A national research titled ‘Big Tobacco: Tiny Targets’ released last week in Abuja by the Nigerian Tobacco Control Research Group (NTCRG), the Environmental Rights Action/Friends of the Earth Nigeria (ERA/FoEN), and the African Tobacco Control Alliance (ATCA), has revealed a third category effect of smoking which could last for over 30 years, Daily Trust reports.

During the public presentation of the report in Abuja which involved some secondary schools students and NYSC members, a student, Miss Janet Yakubu, said her worry is that despite the effects of smoking, the federal and state governments have not taken action against the habit.

“No one should tell me that smoking is a choice. It should have been criminalized as the danger of smoking is both immediate and long lasting. For me I do not see the difference in cigarette and other banned products like Indian hemp, cocaine and codeine,” she said.

Her compatriot, Catherine Agada, urged government to treat smoking like armed robbery and other crimes.
What is known are the two categories of “mainstream smoker”, that is a person who directly smokes cigarette and “secondhand” or “side stream smoker” also known as “passive smoker”, that is the people who inhale smoke exhaled by smokers.

According to international anti-smoking observers with the exception of a few select brands, most common cigarette brands contain not just tobacco, but a variety of other ingredients, including preservatives, humectants, flavours and other additives aimed at increasing a cigarette’s appeal to customers.

“When these are burned, an additional 4,000 substances are created, at least 40 of which are known carcinogens; and as tar and other chemicals coat the lungs over the years, the risk of a smoker developing lung cancer and other bronchial illnesses jumps.”
Such has been the intensity of debates on smoking that many organisations across the country, like other worldwide organisations and activists against smoking speak out.
According to the “Big Tobacco: Tiny Targets” research, tobacco companies are targeting young Nigerians in primary and secondary schools for recruitment into smoking to make them succeed the dwindling number of adult and ageing smokers in Nigeria.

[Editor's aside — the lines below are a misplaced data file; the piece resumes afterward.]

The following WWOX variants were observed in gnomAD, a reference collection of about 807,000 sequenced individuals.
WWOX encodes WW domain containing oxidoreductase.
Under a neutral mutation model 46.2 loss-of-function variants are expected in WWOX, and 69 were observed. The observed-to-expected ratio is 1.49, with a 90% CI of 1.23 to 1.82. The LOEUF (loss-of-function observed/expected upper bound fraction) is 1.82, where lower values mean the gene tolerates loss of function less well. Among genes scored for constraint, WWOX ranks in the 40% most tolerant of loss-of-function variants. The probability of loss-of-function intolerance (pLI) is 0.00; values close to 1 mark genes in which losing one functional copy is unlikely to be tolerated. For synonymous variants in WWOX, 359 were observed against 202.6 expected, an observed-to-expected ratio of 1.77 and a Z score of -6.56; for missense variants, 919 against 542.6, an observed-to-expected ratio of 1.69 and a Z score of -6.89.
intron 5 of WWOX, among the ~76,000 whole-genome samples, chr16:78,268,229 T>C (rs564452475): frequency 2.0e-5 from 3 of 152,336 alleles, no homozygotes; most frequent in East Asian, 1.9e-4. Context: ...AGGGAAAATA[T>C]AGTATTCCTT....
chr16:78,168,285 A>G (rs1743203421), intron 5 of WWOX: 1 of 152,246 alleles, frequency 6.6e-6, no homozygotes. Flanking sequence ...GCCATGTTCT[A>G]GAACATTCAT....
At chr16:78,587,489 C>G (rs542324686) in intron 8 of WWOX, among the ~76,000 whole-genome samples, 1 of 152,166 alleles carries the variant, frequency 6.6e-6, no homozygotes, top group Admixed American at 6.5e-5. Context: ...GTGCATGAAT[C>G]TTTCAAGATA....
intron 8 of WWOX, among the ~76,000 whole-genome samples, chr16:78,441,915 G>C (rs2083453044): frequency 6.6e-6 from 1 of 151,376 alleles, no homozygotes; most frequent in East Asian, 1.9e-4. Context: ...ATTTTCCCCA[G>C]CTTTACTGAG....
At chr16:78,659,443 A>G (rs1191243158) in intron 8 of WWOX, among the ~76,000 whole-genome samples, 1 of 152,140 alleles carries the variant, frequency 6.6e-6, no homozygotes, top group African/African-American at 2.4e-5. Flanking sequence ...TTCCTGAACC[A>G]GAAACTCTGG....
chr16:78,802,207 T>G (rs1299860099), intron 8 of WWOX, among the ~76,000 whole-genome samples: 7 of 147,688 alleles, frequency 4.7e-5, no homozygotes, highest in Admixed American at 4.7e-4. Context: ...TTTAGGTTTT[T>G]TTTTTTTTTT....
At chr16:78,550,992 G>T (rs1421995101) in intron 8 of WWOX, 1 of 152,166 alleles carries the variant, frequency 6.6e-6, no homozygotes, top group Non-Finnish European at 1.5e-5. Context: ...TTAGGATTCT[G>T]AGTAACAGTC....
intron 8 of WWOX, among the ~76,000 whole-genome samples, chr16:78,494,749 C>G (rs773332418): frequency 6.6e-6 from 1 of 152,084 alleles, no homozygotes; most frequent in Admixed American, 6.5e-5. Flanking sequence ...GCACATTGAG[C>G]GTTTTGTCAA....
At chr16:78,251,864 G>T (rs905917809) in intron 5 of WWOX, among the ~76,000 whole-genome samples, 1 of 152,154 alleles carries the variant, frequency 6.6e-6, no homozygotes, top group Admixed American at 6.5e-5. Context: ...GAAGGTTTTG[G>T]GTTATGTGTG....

“Tobacco companies strategically situate tobacco products and advertisements near primary and secondary schools in the country with the aim of enticing kids to try the products in experimental smoking and ultimately get addicted,” the report stated.
The Coordinator of Nigerian Tobacco Control Research Group (NTCRG) Dr Akindele Adebiyi, who presented the report said that the research was conducted in 221 schools of five states of the country: Lagos (18), Lafia (Nasarawa) (26), Enugu (38), Kaduna (65) and Ibadan (Oyo) (74).
He said third and new category of smoking was not being talked about despite its being known.
According to him, the effect of a stick of cigarette was such that the heavy metals releases after it has been smoked in a room would still be in such a room such that dusts or sands swept in such a room would continue to have traces of the heavy metals including lead, nickel, cadmium, arsenic and aluminum among others.
“We all have to protect the smokers and non-smokers alike,” he said adding, “We might wake up one day and discover that we are all suffering one ailment or another.”
The chairman governing board of NTCA and Deputy Director of the ERA/FoEN Akinbode Oluwafemi, said the signing of the National Tobacco Control Act (NTC) on May 25, 2015 provided the legal framework for the protection of present and future generations of Nigerians from the devastating health, social, economic and environmental consequences of tobacco use and exposure to tobacco smoke.
He however called for full implementation of the act rather than talks and rhetoric.
The Sub-Regional Coordinator, West Africa of the Campaign for Tobacco-Free Kids (CTFK), Mrs. Hilda Ochefu, urged government to live up to its responsibility of protecting the citizens on what they are exposed to through purchase or otherwise from smoking.
She said tobacco use was the single most preventable cause of deaths and that the tobacco industry deliberately targeted kids as replacement smokers hence the need for the immediate enforcement of provisions of the NTC Act announced by the Minister of Health, which included ban on single stick sale of cigarettes and ban on smoking in public places.

The report recommended urgent passage of the regulations guiding implementation of the National Tobacco Control (NTC) Act 2015 by the National Assembly and proactive prohibition of placement of tobacco products within 100 meters of any educational institution by the federal, state and local education authorities.

It demanded the enforcement of the comprehensive prohibition of Tobacco Advertising Promotion and Sponsorship (TAPS) and the setting up of a framework for monitoring the implementation of the ban on single sticks and cigarettes packs of less than 20 sticks as contained in the NTC Act 2015.